9 Meal Prep Ideas to Make It Suck Less

Meal prep jars and meal prep ideas

Looking for some meal prep ideas to start 2020 off on the right foot? I’ve got you covered!

Of all the new year’s resolutions people set each year, some iteration of eating more healthfully pretty much always ranks among the top ten. There are lots of different strategies you can implement to clean up your diet, but one of the most effective, in my opinion, is meal prepping.

Now, when most people look up meal prep ideas, they get a bunch of heavily curated images of perfectly portioned food placed in individual, matching containers. It’s exhausting just to look at and enough to make anyone second-guess their meal prep goals.

The good news, though, is that your meal prep efforts don’t have to be Pinterest-worthy to be effective. Here are some realistic and practical meal prep ideas brought to you by a very casual, yet very successful and consistent, meal prepper — me. These are some things I do that make the process less annoying and totally worth it.

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1. Cook Things I Like to Eat

When I first starting making healthy eating a priority, I made the mistake of trying to cook foods I didn’t really enjoy just because they were healthy. I made a lot of quinoa and brown rice that I pretended to enjoy while secretly wishing I was eating, well, pretty much anything else.

These days, when I meal prep, I only cook foods I know I like. I’m not opposed to trying new recipes, not at all. However, I don’t cook them in bulk until I know I like them (and know that they reheat well or last in the fridge).

Some of my favorites include Instant Pot chicken thighs, air-fried broccoli (or any air-fried vegetable, really), and jasmine rice. Those are staples that I make on an almost weekly basis because I know I’ll eat them.

2. Batch Cook

For myself, personally, I’m not a huge fan of doing a giant meal prep session once per week. I just have no desire to spend hours upon hours in the kitchen cooking everything I’m going to eat for the week. Instead, I prefer the batch cooking approach.

When I’m making something, I don’t just make one serving. I make enough for myself and my husband to eat for a few days at a time. I still consider this meal prepping, but it’s much more realistic for my schedule (and way less overwhelming) than trying to prep everything all at once.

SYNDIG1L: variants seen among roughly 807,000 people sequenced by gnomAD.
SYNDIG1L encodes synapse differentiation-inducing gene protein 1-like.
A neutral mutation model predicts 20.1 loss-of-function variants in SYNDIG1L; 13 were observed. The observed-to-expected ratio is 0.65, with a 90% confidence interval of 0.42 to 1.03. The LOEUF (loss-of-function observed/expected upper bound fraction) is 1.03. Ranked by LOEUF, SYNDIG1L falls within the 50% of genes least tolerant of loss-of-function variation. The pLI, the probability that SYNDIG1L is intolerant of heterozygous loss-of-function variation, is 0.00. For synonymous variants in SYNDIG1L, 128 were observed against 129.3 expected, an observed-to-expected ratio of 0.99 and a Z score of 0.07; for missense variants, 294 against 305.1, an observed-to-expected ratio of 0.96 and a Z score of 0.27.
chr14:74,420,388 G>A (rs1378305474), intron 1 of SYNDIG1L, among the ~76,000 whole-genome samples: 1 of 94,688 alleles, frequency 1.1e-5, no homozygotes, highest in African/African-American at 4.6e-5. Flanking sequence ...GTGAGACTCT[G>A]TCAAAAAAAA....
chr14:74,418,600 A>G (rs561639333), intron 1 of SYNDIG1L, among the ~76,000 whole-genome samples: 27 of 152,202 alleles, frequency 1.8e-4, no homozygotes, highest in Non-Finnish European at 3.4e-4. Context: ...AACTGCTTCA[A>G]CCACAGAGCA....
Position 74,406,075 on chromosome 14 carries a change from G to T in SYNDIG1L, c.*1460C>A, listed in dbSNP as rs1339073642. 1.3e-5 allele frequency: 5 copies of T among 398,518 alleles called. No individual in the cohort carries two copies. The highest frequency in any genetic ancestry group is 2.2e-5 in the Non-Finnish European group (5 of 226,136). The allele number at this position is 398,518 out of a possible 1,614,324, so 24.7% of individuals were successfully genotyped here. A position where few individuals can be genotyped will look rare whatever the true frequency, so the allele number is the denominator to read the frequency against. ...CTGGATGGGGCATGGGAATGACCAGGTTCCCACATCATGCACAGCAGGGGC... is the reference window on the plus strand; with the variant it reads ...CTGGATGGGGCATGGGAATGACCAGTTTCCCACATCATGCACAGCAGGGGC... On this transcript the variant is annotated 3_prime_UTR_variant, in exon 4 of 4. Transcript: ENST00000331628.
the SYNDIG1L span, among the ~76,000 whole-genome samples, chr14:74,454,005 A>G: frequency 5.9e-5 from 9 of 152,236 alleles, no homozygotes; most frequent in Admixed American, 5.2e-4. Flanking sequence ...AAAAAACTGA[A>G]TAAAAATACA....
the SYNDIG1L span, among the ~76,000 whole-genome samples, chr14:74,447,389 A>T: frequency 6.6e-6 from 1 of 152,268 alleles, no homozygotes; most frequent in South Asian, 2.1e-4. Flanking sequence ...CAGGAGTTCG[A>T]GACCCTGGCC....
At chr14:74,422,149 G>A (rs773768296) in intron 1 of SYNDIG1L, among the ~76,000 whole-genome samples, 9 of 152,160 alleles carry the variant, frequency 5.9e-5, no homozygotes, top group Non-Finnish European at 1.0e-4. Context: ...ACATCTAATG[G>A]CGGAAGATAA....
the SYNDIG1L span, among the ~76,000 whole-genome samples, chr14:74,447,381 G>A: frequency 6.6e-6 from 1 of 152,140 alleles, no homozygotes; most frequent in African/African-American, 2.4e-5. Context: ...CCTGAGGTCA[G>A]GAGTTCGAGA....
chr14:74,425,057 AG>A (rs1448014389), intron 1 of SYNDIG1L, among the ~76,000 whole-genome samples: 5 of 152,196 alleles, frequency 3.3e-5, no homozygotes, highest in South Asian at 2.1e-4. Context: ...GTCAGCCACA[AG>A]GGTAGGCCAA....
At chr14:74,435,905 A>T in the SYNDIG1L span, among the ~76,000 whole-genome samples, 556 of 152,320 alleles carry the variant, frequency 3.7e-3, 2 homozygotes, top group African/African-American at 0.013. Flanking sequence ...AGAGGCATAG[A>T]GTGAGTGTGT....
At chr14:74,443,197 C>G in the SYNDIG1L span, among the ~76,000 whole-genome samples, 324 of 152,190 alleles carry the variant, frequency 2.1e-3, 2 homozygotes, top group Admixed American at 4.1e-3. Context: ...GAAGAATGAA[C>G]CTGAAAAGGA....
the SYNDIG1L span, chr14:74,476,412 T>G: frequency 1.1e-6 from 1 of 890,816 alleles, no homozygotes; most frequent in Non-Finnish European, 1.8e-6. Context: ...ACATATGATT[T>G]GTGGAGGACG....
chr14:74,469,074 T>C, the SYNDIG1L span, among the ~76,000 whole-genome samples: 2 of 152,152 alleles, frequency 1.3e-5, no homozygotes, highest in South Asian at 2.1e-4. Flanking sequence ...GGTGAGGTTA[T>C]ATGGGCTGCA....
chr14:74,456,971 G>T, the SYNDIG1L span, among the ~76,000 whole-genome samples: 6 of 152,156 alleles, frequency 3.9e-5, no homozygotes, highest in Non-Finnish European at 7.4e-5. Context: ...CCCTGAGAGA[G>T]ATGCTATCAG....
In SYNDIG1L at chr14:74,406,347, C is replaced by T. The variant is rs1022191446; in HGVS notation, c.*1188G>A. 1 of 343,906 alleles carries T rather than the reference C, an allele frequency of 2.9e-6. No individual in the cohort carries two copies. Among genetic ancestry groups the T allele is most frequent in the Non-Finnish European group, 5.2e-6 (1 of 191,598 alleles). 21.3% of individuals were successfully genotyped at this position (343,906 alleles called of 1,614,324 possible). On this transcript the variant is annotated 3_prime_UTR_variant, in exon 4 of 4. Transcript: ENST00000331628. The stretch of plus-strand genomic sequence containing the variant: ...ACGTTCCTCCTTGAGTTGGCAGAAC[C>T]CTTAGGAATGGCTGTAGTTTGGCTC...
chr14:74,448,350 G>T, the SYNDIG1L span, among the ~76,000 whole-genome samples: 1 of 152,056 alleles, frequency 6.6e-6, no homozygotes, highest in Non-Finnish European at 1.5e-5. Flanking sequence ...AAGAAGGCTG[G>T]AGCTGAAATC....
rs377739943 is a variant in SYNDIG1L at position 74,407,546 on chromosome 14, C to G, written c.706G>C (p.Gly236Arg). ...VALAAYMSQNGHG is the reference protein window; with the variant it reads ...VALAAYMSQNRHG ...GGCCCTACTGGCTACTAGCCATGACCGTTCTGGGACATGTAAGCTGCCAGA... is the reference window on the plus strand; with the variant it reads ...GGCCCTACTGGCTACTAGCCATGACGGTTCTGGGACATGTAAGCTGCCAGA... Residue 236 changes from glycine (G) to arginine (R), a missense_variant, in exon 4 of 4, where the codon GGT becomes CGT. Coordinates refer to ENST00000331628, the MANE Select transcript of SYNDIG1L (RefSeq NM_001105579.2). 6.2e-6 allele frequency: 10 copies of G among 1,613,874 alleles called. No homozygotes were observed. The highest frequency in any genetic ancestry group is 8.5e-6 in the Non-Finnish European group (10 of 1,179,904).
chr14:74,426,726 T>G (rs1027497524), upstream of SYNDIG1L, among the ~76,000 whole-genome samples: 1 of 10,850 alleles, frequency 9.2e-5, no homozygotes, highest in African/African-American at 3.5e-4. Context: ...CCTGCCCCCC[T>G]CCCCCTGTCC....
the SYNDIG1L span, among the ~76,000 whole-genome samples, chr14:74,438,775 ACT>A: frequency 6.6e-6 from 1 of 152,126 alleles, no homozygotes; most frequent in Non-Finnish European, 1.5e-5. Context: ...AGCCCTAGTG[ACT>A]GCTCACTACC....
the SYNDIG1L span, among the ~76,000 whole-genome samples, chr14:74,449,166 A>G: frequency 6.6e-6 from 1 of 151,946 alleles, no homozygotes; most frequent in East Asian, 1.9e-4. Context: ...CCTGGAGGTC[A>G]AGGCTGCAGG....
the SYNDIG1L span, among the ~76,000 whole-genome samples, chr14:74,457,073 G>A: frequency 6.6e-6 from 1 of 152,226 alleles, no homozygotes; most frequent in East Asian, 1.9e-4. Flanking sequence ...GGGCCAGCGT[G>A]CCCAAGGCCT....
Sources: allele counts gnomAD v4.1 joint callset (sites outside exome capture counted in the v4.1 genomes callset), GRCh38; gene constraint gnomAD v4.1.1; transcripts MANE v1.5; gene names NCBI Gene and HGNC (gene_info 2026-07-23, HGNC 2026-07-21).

This allows for more flexibility, too. I don’t have a week’s worth of food that I feel pressured to eat in the next seven days, so it’s easy for me to shift things around if we decide we want to eat out one night.

3. Focus on Ingredients, Not Recipes

When I mentioned my favorite things to meal prep above, you might have noticed that I didn’t list recipes like chicken enchiladas or lasagna. That’s because I don’t really like to make recipes. I prefer to prepare individual ingredients that I can mix and match based on what I’m feeling on a particular day.

If you like the recipe approach, go for it. It feels stifling for me, though — what happens if I make lasagna on Sunday and then don’t feel like eating lasagna again that week? I’ve got a whole pan in the fridge that I need to get through, and I’ll end up having to freeze it or throw it out if I don’t force myself to eat it. That’s definitely not sustainable for me.

4. Combine It with Something I Enjoy

Meal prepping doesn’t have to be this arduous chore that you dread every week. If you hate the idea of spending time in the kitchen prepping food, try pairing it with something that you don’t hate the idea of doing. I like to meal prep while I’m catching up on podcasts or episodes of The Real Housewives of [insert your favorite city here].

The time goes by super fast when I do this because I’m engrossed in whatever I’m listening to or watching, and I actually look forward to the food prep process because I get to do something else I like along with it.